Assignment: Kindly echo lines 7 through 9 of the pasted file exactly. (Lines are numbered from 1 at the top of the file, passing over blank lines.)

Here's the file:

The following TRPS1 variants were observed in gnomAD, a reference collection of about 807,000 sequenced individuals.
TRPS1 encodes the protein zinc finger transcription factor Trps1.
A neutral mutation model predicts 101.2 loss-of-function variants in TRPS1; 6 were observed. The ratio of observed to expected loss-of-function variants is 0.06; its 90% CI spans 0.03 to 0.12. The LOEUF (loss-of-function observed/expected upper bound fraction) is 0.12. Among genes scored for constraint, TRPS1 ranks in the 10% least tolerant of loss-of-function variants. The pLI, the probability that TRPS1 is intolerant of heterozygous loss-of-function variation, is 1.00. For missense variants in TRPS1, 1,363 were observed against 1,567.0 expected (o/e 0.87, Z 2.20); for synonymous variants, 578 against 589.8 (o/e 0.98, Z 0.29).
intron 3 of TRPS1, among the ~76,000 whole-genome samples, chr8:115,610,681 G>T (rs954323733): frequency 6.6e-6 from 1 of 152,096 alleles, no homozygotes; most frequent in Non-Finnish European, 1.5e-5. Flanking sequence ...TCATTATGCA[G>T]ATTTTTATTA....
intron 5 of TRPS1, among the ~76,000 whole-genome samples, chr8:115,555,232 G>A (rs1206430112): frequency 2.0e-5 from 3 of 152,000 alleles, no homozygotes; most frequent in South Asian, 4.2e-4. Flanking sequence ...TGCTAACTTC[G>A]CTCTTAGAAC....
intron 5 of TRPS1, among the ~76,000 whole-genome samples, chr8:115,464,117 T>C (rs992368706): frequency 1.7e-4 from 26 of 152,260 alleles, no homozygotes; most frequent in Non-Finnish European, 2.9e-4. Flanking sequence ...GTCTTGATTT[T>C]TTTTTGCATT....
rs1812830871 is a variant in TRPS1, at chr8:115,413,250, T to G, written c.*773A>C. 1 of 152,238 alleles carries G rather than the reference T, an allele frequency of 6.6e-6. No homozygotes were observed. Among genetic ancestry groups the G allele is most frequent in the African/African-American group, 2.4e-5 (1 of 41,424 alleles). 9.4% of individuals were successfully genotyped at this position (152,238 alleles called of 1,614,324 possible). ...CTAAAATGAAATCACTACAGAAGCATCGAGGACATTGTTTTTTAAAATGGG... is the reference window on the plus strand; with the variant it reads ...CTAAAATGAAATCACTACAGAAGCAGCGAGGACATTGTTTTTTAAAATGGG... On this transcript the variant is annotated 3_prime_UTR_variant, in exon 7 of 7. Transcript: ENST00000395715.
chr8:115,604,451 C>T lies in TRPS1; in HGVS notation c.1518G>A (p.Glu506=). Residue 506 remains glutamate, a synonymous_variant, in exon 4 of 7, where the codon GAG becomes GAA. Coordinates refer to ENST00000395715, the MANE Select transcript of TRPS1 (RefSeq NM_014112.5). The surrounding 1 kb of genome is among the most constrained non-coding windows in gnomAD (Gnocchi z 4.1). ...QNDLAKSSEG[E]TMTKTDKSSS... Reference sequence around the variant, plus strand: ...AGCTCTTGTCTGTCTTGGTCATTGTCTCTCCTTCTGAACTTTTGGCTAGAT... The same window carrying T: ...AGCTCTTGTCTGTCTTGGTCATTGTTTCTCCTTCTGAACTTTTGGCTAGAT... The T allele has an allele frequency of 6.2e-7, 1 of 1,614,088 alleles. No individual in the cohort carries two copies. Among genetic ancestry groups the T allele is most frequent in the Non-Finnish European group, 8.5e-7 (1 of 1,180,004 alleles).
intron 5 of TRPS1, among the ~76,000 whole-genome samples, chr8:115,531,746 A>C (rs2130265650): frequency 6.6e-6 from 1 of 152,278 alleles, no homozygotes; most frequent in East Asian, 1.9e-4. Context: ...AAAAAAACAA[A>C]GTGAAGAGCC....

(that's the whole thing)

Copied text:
rs1812830871 is a variant in TRPS1, at chr8:115,413,250, T to G, written c.*773A>C. 1 of 152,238 alleles carries G rather than the reference T, an allele frequency of 6.6e-6. No homozygotes were observed. Among genetic ancestry groups the G allele is most frequent in the African/African-American group, 2.4e-5 (1 of 41,424 alleles). 9.4% of individuals were successfully genotyped at this position (152,238 alleles called of 1,614,324 possible). ...CTAAAATGAAATCACTACAGAAGCATCGAGGACATTGTTTTTTAAAATGGG... is the reference window on the plus strand; with the variant it reads ...CTAAAATGAAATCACTACAGAAGCAGCGAGGACATTGTTTTTTAAAATGGG... On this transcript the variant is annotated 3_prime_UTR_variant, in exon 7 of 7. Transcript: ENST00000395715.
chr8:115,604,451 C>T lies in TRPS1; in HGVS notation c.1518G>A (p.Glu506=). Residue 506 remains glutamate, a synonymous_variant, in exon 4 of 7, where the codon GAG becomes GAA. Coordinates refer to ENST00000395715, the MANE Select transcript of TRPS1 (RefSeq NM_014112.5). The surrounding 1 kb of genome is among the most constrained non-coding windows in gnomAD (Gnocchi z 4.1). ...QNDLAKSSEG[E]TMTKTDKSSS... Reference sequence around the variant, plus strand: ...AGCTCTTGTCTGTCTTGGTCATTGTCTCTCCTTCTGAACTTTTGGCTAGAT... The same window carrying T: ...AGCTCTTGTCTGTCTTGGTCATTGTTTCTCCTTCTGAACTTTTGGCTAGAT... The T allele has an allele frequency of 6.2e-7, 1 of 1,614,088 alleles. No individual in the cohort carries two copies. Among genetic ancestry groups the T allele is most frequent in the Non-Finnish European group, 8.5e-7 (1 of 1,180,004 alleles).
intron 5 of TRPS1, among the ~76,000 whole-genome samples, chr8:115,531,746 A>C (rs2130265650): frequency 6.6e-6 from 1 of 152,278 alleles, no homozygotes; most frequent in East Asian, 1.9e-4. Context: ...AAAAAAACAA[A>C]GTGAAGAGCC....